From Spirituals to Blues to Jazz
Slaves made the natural connection between the history of Israel and their own experience. Lyrics were developed from the great stories and prayers of the Bible, spanning a range of religious sentiment, from lamentation to praise. Sometimes the words doubled as signals. Such was the case of “Wade in the Water,” which described the step of faith required of Moses and Joshua, but at the same time warned the fugitive slaves that their pursuers had dogs and so better to go by the river than by the pathways. Canaan Land was heaven, but so was Canada—the final stop on the Underground Railroad.

Spirituals have their own history. But they richly intertwine with blues, and, eventually, with the early forms of jazz. Many individual musicians can testify to the extraordinary connection between biblical faith and music of many genres. One of the pioneers who noticed this connection is H.R. Rookmaaker, the art historian and jazz critic. He notes the convergence of many forms of African-American music in the same musicians and even in the same music. For example, Blind Willie Johnson’s gospel music combined the blues with elements of jazz, which in turn influenced other musicians to do the same. In terms of the musical styles, despite some important differences, there are great similarities as well. Thomas A. Dorsey, known also as Georgia Tom, the greatest gospel composer of the 1930s, started out as a blues musician. He once stated, “There are moaning blues that are used in spirituals, there are moaning spirituals that are used in blues.”

So, at the deepest level, jazz, blues, and spirituals come from the same source. To some, the blues are secular. To most blacks they are as religious as spirituals; simply the subject matter is different. As the great Alberta Hunter once said: “The blues? Why, the blues are part of me ... . To me the blues are like spirituals, almost sacred. When we sing blues, we’re singin’ out our hearts, we’re singin’ out our feelings. Maybe we’re hurt and just can’t answer back, then we sing or maybe even hum the blues. Yes, to us, the blues are sacred. When I sing, ‘I walk the floor, wring my hands and cry, Yes, I walk the floor, wring my hands and cry,’ what I’m doing is letting my soul out.”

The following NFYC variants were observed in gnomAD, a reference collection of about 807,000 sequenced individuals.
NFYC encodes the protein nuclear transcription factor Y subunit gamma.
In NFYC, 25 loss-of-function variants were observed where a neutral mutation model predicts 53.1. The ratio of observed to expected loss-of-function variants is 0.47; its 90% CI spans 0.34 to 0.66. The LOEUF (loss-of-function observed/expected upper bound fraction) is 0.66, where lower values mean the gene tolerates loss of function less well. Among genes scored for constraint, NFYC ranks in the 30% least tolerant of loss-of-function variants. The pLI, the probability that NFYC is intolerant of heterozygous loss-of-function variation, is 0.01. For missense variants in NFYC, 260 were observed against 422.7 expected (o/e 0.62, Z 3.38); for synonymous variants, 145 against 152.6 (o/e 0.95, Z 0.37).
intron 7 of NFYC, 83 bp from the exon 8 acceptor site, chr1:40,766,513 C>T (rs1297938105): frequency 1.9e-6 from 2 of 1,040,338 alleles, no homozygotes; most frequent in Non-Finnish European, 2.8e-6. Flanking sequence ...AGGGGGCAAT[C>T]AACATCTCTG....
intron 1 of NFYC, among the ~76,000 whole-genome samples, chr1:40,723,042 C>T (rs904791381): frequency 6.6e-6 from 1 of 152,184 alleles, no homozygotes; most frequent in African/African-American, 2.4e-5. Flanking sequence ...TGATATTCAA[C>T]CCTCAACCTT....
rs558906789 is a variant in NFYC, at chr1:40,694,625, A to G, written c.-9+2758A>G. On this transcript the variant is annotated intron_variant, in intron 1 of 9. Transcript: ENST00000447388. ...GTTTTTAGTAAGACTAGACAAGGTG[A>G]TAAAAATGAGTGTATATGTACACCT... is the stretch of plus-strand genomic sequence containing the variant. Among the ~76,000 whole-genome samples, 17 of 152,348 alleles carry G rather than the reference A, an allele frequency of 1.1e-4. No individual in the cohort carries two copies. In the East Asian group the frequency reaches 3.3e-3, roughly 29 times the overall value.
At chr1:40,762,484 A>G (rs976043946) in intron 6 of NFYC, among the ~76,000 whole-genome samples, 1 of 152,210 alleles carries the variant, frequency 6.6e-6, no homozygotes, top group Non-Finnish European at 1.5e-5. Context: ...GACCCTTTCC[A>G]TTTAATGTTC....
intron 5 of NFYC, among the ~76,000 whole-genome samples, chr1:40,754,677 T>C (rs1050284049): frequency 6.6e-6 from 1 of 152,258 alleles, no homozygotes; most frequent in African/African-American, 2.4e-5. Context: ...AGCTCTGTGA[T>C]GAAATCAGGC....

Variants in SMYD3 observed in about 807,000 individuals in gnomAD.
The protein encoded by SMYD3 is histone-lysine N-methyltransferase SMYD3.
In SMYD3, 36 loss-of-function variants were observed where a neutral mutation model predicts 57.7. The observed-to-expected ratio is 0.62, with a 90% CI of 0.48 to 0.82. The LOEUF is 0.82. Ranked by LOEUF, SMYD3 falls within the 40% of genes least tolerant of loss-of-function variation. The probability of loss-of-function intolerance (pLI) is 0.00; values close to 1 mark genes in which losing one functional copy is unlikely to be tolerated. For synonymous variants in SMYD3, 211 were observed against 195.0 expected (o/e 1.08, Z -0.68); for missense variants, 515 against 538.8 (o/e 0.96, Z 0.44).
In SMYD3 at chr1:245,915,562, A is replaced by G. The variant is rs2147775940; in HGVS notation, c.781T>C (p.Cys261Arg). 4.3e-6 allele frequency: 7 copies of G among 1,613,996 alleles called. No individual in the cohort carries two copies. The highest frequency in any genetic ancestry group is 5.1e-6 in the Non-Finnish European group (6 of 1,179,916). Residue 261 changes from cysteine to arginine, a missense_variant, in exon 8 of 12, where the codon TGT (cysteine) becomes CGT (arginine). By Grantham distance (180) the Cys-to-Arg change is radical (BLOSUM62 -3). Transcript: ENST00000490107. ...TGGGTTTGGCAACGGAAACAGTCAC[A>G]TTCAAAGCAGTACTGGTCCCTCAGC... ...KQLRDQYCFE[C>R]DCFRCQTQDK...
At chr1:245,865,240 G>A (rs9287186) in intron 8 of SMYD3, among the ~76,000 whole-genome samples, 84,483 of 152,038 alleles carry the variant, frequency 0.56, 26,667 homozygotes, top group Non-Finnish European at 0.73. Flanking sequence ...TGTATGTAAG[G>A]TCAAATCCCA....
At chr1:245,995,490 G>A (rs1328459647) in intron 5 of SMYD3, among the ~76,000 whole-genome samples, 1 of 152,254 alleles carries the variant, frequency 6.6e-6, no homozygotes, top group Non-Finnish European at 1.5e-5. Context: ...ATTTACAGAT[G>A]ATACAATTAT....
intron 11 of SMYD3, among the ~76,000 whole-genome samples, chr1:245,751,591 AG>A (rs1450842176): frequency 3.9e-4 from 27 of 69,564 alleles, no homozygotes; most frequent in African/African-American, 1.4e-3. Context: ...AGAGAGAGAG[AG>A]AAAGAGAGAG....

Even those not inclined to go to church make the connection. Sidney Bechet, not known for his piety, nevertheless acknowledged the strong bond between church worship styles and jazz. He famously compared jazz to an invocation. The subject matter might be different, but the feeling was the same. As he put it, “One was praying to God, and the other was praying to what’s human. It’s like one was saying, ‘Oh God, let me go,’ and the other was saying, ‘Oh Mister, let me be.’”

Music Depends on the Church
The fact is, the church was a stabilizing institution in the rural South, and it provided a place for the creation of music of all kinds. Though sadly, for all kinds of reasons, many church people condemned the blues, the dependency of almost all African-American music, including the blues, on the church is nevertheless patent. That is why so many individual jazz musicians, whatever their lifestyles, are often consciously motivated by a Christian worldview. Indeed, almost all of the early musicians have strong roots in the church. King Oliver’s letters to his sister are a powerful testimony of his Christian faith. A good many modern pianists, such as Hank Jones, Cyrus Chestnut, and Monty Alexander, are followers of Christ who understand their music in terms of Christian faith.

Perhaps the outstanding example of this individual connection to a biblical worldview in jazz music is America’s greatest composer, Edward Kennedy “Duke” Ellington. Duke Ellington is jazz. Many people do not realize that “his great passion and work sprang from an awareness of the presence of God in all of life.” The narrative of biblical Christianity, particularly in its African-American version, is the underlying aesthetic behind much of the astonishing artistic achievement of this foremost American musician.